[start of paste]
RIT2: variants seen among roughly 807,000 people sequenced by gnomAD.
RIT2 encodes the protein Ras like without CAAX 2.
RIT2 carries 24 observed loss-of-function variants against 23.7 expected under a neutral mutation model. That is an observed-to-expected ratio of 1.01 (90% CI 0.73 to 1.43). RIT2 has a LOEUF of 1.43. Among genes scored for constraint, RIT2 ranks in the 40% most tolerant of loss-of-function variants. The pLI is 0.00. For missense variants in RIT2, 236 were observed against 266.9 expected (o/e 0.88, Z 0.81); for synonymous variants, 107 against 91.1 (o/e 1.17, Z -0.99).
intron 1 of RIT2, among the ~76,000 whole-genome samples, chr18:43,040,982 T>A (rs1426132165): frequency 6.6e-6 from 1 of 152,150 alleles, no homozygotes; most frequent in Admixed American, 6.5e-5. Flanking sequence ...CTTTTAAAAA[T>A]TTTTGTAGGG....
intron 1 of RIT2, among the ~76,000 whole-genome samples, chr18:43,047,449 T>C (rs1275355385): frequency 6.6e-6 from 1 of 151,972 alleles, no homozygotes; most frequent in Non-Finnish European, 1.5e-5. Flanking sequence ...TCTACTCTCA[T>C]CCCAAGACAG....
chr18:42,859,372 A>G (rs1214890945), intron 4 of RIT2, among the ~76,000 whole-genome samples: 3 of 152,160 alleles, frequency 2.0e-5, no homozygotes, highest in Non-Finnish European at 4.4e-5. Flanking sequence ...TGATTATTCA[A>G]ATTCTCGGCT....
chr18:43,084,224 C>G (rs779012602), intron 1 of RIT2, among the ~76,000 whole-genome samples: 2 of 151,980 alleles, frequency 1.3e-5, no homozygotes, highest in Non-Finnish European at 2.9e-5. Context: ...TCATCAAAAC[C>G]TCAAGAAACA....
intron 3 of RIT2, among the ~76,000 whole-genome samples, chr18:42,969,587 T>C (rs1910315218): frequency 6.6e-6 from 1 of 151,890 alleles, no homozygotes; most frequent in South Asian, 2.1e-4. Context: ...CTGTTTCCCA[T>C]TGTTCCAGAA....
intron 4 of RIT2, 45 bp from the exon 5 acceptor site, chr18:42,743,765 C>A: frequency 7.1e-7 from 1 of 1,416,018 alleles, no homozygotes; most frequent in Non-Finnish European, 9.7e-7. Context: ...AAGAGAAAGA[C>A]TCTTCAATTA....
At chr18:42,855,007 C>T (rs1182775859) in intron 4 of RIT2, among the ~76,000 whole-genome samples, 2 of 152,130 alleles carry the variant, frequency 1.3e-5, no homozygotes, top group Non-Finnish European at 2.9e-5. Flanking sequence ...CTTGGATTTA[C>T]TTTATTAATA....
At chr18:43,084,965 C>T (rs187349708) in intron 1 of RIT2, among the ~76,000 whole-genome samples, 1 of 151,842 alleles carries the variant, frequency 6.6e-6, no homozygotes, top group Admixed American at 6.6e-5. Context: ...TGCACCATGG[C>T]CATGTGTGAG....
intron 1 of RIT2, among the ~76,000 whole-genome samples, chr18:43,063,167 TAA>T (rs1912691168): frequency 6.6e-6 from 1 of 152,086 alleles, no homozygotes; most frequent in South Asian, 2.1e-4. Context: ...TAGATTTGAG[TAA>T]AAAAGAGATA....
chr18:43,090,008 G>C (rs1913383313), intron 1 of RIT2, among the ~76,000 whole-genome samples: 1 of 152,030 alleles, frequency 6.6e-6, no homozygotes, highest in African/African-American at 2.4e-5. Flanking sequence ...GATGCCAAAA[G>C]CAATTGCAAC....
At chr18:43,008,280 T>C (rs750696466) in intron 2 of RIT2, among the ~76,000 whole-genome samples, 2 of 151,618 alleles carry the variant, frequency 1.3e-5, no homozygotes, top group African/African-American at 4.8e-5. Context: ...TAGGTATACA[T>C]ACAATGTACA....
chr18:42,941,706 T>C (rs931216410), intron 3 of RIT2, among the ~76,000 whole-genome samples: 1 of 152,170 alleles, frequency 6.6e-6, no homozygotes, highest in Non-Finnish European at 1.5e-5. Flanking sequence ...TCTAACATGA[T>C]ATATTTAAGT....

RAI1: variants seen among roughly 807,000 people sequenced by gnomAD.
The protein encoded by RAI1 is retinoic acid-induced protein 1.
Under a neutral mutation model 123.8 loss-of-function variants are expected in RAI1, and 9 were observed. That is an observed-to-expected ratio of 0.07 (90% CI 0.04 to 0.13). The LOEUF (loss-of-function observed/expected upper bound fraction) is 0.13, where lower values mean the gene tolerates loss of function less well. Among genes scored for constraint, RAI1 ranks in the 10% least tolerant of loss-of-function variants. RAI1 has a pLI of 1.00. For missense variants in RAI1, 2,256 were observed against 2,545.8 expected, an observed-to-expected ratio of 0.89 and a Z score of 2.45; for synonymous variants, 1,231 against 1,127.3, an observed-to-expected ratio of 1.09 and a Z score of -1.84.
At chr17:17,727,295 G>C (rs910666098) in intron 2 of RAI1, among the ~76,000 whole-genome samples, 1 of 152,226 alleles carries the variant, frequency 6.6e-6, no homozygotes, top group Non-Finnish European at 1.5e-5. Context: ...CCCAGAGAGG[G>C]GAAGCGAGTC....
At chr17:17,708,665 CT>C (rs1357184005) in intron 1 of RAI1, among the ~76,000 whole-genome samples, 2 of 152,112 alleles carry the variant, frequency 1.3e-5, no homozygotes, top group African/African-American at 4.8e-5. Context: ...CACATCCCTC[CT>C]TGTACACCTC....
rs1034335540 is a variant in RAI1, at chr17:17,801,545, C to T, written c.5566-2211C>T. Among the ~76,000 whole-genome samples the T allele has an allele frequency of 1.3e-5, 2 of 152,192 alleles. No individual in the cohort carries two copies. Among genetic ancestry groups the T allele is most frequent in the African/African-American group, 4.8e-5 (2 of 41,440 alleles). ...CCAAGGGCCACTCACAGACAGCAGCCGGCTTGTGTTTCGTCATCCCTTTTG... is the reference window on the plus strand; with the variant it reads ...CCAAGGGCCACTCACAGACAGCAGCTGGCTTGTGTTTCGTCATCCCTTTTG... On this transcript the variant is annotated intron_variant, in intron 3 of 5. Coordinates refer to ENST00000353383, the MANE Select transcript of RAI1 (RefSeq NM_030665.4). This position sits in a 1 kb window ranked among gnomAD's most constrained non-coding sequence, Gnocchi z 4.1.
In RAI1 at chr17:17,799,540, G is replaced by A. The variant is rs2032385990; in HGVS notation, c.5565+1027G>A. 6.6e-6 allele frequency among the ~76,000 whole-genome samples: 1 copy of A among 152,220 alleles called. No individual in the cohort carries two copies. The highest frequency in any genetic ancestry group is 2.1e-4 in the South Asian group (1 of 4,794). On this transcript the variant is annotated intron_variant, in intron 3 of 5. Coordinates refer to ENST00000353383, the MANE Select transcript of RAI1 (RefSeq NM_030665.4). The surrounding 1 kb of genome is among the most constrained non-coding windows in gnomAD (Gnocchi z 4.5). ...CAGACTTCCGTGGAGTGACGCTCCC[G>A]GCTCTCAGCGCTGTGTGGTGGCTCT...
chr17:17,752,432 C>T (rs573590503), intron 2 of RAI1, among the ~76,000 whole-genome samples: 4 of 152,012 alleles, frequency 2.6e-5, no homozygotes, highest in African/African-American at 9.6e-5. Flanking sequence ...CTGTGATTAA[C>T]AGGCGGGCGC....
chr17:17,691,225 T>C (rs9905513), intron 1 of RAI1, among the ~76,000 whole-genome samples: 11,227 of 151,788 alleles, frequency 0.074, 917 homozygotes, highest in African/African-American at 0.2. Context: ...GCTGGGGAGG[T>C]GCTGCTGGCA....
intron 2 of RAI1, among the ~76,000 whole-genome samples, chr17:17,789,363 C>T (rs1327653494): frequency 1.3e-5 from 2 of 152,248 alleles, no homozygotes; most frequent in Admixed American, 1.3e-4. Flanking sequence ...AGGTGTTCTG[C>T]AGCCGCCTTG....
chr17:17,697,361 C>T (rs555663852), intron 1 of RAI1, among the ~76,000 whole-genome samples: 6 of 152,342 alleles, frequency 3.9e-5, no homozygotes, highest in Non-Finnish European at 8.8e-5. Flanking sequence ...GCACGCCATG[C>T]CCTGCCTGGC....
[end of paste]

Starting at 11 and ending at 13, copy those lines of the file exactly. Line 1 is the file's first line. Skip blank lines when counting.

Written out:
At chr18:43,084,965 C>T (rs187349708) in intron 1 of RIT2, among the ~76,000 whole-genome samples, 1 of 151,842 alleles carries the variant, frequency 6.6e-6, no homozygotes, top group Admixed American at 6.6e-5. Context: ...TGCACCATGG[C>T]CATGTGTGAG....
intron 1 of RIT2, among the ~76,000 whole-genome samples, chr18:43,063,167 TAA>T (rs1912691168): frequency 6.6e-6 from 1 of 152,086 alleles, no homozygotes; most frequent in South Asian, 2.1e-4. Context: ...TAGATTTGAG[TAA>T]AAAAGAGATA....
chr18:43,090,008 G>C (rs1913383313), intron 1 of RIT2, among the ~76,000 whole-genome samples: 1 of 152,030 alleles, frequency 6.6e-6, no homozygotes, highest in African/African-American at 2.4e-5. Flanking sequence ...GATGCCAAAA[G>C]CAATTGCAAC....